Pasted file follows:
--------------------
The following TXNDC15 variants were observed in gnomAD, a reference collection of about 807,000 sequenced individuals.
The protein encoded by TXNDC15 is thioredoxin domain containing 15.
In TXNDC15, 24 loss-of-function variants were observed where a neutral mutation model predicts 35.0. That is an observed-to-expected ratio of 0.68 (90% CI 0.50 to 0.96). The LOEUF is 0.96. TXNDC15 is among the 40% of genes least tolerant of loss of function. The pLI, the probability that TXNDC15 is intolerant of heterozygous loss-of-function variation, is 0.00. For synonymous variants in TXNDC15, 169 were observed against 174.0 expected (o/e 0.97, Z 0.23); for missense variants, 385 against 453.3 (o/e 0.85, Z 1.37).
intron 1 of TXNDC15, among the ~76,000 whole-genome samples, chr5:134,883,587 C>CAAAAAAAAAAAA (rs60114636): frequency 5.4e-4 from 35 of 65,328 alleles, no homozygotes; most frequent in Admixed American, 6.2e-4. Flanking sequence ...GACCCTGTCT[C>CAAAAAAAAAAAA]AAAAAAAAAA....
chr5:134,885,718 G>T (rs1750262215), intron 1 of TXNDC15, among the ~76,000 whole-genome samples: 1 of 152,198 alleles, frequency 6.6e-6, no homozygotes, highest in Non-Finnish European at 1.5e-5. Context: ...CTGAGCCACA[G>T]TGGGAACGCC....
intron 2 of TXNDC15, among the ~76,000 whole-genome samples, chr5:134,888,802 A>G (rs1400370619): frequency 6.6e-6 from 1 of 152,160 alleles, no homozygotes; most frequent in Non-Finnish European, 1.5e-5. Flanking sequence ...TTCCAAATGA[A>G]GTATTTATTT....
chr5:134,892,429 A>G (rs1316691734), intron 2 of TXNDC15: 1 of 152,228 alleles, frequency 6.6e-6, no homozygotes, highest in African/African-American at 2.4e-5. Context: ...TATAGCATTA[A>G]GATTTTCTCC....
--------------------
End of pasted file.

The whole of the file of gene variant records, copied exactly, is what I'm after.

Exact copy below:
The following TXNDC15 variants were observed in gnomAD, a reference collection of about 807,000 sequenced individuals.
The protein encoded by TXNDC15 is thioredoxin domain containing 15.
In TXNDC15, 24 loss-of-function variants were observed where a neutral mutation model predicts 35.0. That is an observed-to-expected ratio of 0.68 (90% CI 0.50 to 0.96). The LOEUF is 0.96. TXNDC15 is among the 40% of genes least tolerant of loss of function. The pLI, the probability that TXNDC15 is intolerant of heterozygous loss-of-function variation, is 0.00. For synonymous variants in TXNDC15, 169 were observed against 174.0 expected (o/e 0.97, Z 0.23); for missense variants, 385 against 453.3 (o/e 0.85, Z 1.37).
intron 1 of TXNDC15, among the ~76,000 whole-genome samples, chr5:134,883,587 C>CAAAAAAAAAAAA (rs60114636): frequency 5.4e-4 from 35 of 65,328 alleles, no homozygotes; most frequent in Admixed American, 6.2e-4. Flanking sequence ...GACCCTGTCT[C>CAAAAAAAAAAAA]AAAAAAAAAA....
chr5:134,885,718 G>T (rs1750262215), intron 1 of TXNDC15, among the ~76,000 whole-genome samples: 1 of 152,198 alleles, frequency 6.6e-6, no homozygotes, highest in Non-Finnish European at 1.5e-5. Context: ...CTGAGCCACA[G>T]TGGGAACGCC....
intron 2 of TXNDC15, among the ~76,000 whole-genome samples, chr5:134,888,802 A>G (rs1400370619): frequency 6.6e-6 from 1 of 152,160 alleles, no homozygotes; most frequent in Non-Finnish European, 1.5e-5. Flanking sequence ...TTCCAAATGA[A>G]GTATTTATTT....
chr5:134,892,429 A>G (rs1316691734), intron 2 of TXNDC15: 1 of 152,228 alleles, frequency 6.6e-6, no homozygotes, highest in African/African-American at 2.4e-5. Context: ...TATAGCATTA[A>G]GATTTTCTCC....